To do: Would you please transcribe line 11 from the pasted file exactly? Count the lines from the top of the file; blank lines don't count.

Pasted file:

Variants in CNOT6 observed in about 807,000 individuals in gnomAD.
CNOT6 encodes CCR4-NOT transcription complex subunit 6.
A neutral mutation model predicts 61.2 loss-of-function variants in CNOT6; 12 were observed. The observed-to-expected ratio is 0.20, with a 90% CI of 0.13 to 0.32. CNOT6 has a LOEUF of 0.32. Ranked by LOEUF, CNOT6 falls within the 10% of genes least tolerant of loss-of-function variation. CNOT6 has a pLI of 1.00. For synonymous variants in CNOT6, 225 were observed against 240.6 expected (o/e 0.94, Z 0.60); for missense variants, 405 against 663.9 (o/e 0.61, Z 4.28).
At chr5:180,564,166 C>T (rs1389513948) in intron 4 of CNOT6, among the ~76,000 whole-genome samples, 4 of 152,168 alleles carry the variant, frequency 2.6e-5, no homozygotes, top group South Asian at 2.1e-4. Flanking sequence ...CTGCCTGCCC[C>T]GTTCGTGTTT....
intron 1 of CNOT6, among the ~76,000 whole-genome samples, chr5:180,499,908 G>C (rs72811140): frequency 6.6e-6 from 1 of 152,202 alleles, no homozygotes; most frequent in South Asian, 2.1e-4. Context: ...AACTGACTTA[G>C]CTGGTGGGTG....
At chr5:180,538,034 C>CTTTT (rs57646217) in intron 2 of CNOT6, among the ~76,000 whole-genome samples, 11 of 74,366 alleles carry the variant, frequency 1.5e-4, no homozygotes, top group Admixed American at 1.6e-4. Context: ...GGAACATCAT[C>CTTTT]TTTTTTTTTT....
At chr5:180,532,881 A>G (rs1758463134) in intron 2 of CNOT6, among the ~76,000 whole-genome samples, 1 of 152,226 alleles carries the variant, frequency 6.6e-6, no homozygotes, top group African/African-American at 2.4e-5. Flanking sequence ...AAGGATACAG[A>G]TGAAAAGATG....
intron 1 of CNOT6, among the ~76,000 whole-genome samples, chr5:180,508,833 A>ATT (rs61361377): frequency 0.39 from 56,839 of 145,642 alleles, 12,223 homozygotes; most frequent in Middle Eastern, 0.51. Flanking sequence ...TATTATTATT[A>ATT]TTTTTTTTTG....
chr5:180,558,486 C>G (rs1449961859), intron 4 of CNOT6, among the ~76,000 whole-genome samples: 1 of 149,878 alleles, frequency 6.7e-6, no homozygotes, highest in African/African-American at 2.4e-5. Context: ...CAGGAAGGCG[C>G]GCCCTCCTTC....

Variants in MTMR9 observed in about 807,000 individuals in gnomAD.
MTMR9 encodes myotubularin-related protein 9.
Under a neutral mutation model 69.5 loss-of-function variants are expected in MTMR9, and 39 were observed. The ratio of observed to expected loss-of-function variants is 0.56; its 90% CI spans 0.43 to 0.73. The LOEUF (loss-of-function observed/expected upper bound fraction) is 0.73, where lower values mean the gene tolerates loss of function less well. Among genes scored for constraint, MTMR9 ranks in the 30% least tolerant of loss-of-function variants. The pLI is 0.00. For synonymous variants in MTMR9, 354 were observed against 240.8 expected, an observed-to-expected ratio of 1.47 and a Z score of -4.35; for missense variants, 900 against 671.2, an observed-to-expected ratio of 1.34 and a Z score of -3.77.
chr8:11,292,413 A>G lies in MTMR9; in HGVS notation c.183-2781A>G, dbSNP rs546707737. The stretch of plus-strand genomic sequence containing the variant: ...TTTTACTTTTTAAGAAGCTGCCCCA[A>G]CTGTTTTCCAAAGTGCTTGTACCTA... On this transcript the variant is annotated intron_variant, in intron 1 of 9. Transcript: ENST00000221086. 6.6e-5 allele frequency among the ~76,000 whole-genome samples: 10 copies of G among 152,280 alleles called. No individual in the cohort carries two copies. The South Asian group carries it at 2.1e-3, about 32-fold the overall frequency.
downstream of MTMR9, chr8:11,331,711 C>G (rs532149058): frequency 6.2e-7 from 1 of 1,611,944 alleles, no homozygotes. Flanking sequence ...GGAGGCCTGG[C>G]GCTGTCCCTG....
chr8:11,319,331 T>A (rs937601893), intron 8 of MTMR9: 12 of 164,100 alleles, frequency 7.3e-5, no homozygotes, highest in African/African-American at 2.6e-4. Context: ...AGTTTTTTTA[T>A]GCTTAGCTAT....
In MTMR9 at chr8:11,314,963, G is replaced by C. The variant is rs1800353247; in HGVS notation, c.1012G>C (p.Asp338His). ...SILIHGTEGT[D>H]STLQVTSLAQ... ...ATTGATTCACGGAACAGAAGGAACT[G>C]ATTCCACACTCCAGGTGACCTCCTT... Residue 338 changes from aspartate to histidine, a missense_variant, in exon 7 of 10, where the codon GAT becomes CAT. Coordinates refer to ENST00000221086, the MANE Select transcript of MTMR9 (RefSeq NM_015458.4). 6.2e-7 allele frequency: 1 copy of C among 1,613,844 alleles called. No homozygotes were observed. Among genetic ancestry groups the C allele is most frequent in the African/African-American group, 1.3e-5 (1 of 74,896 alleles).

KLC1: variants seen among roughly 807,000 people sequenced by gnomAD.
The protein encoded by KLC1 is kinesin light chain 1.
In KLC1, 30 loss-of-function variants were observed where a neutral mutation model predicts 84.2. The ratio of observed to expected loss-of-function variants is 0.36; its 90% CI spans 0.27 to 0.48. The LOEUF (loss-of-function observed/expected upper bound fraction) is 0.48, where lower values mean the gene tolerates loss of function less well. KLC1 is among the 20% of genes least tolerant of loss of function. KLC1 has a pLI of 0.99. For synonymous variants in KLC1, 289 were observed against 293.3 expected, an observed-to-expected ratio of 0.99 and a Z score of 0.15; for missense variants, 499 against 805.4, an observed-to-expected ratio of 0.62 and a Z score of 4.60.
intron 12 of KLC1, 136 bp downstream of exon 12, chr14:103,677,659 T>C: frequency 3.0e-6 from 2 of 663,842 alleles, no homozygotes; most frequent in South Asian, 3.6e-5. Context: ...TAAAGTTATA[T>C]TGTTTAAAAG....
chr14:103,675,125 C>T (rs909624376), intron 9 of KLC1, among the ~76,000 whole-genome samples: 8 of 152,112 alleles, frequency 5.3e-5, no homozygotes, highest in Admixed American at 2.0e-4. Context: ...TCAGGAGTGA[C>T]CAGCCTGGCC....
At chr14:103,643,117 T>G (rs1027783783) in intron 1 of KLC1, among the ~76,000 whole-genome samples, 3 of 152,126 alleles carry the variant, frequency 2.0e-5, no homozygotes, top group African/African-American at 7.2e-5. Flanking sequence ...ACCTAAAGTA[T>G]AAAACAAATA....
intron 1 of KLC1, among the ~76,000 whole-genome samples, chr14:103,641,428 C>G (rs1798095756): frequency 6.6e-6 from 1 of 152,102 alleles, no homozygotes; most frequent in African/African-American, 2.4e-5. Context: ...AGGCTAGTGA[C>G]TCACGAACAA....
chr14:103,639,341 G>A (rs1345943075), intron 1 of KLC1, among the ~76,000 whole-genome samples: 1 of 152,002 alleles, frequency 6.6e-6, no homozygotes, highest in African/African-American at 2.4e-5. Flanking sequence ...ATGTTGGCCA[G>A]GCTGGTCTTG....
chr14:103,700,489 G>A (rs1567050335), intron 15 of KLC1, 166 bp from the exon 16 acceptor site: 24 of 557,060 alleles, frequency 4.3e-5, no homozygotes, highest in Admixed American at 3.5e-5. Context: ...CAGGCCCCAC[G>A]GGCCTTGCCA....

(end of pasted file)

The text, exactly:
MTMR9 encodes myotubularin-related protein 9.